In recognition of Leonard Nimoy’s recent passing, I decided to write on an underlying tension I see in most companies that require technical experience, that is the tension between our Spocks and our Kirks.
The Captain Kirk world is made up of swashbuckling heroes of capitalism who defy the odds and take bold chances only to find immeasurable success:
(Maybe this guy comes to mind?)
The Spock is more complicated and usually exists in our fascination with someone who is awkward but super smart and finds unparalleled success even when his personal charms are lacking:
(“Hi there, I’m rich. Let’s talk education reform.”)
The trouble with how we look at this dynamic today (especially it seems in the tech world) is that we are constantly making the case that you can only be one or the other. The genius of the Star Trek series is in the fact that Spock and Kirk are constantly learning from each other and having an impact on each other, which helps their improbable friendship grow and for their own selves to develop more deeply.
Too much Spock:
One of the characteristics of a “Spock” is that he is often times arrogant in his assertion of intellectual superiority. This is what drives the character Bones crazy, the complete confidence that Spock has in his own intellect and his reasoning. When someone in a meeting is pulling a “Spock,” it can cause many people in the room to react like Bones, especially if they don’t have the same level of deep analytical ability.
There is something about that detached level of certainty that makes most normal people feel like they just want to argue with them, or worse, that they just don’t like them. This is a problem if your company is depending on your “Spock” to be the smartest and the best leader through some challenging times.
Too much Kirk:
The trouble with too many Kirk’s in the world is that they tend to get
board bored when following the rules. This is why I imagine that many of the Kirk’s that we know in business tend to be entrepreneurs because that way they get to make up their own rules. The interesting thing about Star Trek is that Kirk is a captain in a quasi-military and he seems to get along pretty well. So, what is the danger of a Kirk in your organization?
Well, they tend to be a little hot-headed and rash. We are attracted to the Kirks in the general media because they do bold and big things.
Elon Musk is an example of a Spock-like guy who behaves like a Captain Kirk
(Because he has the intelligence and the balls to try to do this)
And Musk is constantly being caught between two narratives. Is he the bold maverick who doesn’t care about the rules, or is he a brilliant engineer who is only following science to logical conclusions?
If we are going to move forward in our ability to innovate and to integrate new ideas and discoveries, then we are going to have to let go of an outdated duality that no longer serves us.
One of the hallmarks of Star Trek is how the two main characters have a profound impact on one another over time. Spock becomes increasingly more spontaneous and empathetic, while Kirk takes on Spock’s logical thinking. The genius of this storyline is that Roddenberry seemed to be saying that Reason and Passion are not an either/or proposition, which is something that we have been battling since the age of enlightenment.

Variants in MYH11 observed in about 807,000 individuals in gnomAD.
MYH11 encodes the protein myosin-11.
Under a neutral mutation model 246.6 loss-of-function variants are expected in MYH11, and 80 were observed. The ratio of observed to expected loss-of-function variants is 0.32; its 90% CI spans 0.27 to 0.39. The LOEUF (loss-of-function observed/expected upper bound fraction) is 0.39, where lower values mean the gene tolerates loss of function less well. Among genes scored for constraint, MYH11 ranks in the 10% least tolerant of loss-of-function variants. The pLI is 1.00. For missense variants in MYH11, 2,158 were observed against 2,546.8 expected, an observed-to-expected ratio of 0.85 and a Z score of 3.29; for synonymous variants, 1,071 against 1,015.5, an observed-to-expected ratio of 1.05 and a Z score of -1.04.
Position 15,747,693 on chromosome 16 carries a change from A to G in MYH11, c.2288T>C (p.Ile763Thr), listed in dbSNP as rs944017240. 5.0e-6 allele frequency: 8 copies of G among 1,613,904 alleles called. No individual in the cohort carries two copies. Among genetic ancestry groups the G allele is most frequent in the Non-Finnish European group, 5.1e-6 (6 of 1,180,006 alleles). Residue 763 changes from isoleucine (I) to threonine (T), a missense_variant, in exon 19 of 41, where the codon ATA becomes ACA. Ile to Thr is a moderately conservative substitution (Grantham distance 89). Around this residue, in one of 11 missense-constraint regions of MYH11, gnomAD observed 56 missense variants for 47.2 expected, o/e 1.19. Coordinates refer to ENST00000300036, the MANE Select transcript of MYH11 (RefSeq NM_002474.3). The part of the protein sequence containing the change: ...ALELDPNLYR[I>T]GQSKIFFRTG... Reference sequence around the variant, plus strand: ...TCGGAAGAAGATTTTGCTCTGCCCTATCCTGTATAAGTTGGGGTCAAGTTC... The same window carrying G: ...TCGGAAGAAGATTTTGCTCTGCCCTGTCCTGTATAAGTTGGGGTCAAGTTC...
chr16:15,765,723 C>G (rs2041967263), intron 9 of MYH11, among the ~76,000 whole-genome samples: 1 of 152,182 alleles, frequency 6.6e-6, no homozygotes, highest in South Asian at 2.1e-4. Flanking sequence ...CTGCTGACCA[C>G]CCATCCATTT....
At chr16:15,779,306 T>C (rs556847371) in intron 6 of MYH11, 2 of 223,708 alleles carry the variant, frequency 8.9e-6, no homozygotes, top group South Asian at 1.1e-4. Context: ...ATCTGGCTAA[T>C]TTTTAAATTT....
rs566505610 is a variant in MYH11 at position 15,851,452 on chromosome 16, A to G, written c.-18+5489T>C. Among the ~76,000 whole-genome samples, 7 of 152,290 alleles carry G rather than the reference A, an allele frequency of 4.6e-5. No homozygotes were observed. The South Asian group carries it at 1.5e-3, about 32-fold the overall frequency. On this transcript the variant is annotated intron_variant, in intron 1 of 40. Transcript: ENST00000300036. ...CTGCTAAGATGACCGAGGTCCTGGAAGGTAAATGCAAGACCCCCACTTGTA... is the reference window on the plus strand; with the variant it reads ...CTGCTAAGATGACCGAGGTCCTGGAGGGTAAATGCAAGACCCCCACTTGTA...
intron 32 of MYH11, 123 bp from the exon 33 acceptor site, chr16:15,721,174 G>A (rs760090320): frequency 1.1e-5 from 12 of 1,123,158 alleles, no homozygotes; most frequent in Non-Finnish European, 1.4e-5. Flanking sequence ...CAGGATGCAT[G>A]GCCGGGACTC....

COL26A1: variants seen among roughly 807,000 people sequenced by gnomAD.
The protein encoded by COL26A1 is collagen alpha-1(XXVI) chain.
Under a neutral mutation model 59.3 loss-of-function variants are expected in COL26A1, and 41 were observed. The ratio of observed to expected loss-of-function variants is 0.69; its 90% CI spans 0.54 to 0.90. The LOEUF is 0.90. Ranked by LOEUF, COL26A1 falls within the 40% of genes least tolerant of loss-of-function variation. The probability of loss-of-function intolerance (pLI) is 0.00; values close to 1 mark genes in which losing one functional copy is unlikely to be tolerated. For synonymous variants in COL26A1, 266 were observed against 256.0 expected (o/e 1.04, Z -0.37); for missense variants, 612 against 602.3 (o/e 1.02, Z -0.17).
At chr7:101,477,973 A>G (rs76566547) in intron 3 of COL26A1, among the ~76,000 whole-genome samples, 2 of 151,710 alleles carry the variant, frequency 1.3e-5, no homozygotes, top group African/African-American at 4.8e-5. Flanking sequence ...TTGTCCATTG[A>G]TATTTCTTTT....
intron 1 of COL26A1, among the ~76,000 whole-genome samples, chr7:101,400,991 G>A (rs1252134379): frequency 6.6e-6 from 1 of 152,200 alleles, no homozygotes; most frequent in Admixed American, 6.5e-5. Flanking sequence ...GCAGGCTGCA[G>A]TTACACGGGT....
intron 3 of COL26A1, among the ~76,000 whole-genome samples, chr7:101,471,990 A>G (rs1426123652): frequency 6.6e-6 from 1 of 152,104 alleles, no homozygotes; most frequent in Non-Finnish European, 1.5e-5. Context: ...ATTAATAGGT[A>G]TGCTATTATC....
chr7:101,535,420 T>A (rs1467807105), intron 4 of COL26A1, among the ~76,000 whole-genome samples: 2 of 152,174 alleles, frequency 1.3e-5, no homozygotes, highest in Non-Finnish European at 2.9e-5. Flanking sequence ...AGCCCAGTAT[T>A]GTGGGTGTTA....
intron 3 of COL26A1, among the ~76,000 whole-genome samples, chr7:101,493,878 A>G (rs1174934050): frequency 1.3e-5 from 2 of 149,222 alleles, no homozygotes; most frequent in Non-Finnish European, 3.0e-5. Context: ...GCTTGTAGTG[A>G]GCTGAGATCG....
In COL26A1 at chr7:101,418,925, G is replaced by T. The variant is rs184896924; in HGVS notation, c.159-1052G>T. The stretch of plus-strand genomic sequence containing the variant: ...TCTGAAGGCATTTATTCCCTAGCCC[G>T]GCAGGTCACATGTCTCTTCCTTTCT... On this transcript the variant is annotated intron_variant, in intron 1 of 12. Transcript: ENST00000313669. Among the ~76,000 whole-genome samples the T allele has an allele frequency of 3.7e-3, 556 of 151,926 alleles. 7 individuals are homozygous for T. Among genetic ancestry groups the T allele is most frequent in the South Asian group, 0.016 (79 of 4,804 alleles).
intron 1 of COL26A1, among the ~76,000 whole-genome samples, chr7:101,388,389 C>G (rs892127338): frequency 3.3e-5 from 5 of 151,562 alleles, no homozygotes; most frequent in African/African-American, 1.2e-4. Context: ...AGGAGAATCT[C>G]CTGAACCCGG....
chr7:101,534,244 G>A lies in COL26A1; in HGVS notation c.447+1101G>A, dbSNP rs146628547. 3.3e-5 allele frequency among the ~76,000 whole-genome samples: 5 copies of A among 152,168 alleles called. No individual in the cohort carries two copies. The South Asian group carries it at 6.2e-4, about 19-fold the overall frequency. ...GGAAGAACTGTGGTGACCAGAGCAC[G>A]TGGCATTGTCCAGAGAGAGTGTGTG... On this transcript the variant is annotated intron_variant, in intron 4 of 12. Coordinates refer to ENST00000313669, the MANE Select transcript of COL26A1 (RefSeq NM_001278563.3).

So, what does this have to do with you?
If we can recognize the value of both characters, then we can stop making the absurd case that you need to be one or the other. Spock’s ability to be more persuasive and Kirk’s ability to be more logical only stand to help them both accomplish their mutual goals.
If you are more like Spock:
1. Develop empathy.
Recognize that being disconnected from your emotions has a deleterious effect on your ability to communicate. If you don’t know how you feel, then you can’t imagine how someone else might feel.
2. Understand your non-verbals
Become aware that your body and your tone of voice (if closed and tonally numb) will suggest negative signals to the people you are trying to persuade. Keep your body open and your voice warm (like a storyteller) so that you can communicate your passion as well as your knowledge.
3. Be non-judgmental
Nobody cares how smart you are. Unless you have something that is so obvious that it speaks for itself, your ability to be someone trustworthy and likeable will be important to people hearing your point and agreeing with you. When you speak didactically or in a condescending tone, you will turn people off and they will not listen to what you have to say.
If you are more like Kirk:
1. Be patient
One of the biggest problems for the Kirk’s of the world is that they are incredibly impatient. No one moves fast enough for them because most people are afraid of making mistakes while Kirk is excited by risk. Be someone that they would want to follow, rather than a reckless pirate.
2. Listen better
One of the best improvements in the JJ Abrams’ reboot of the Star Trek franchise is the inclusion of Kirk as a young hot-head who doesn’t listen. The lesson he learns is that listening is a way to communicate trust and to inspire others to greatness. When we disregard or discount others by not listening, we lose their faith in our ability to lead them.
3. Explain better
Most Kirks in the world see things so clearly in their head that it can be frustrating for them to have to explain them to others. S. S. McClure was famously a big thinker who needed John Sanborn Phillips to help him shape his ideas. It doesn’t matter if you have the clearest vision in the world if you can’t take the time to articulate it well enough for others to hear it and act on it.
Embrace and balance your Spocks and your Kirks.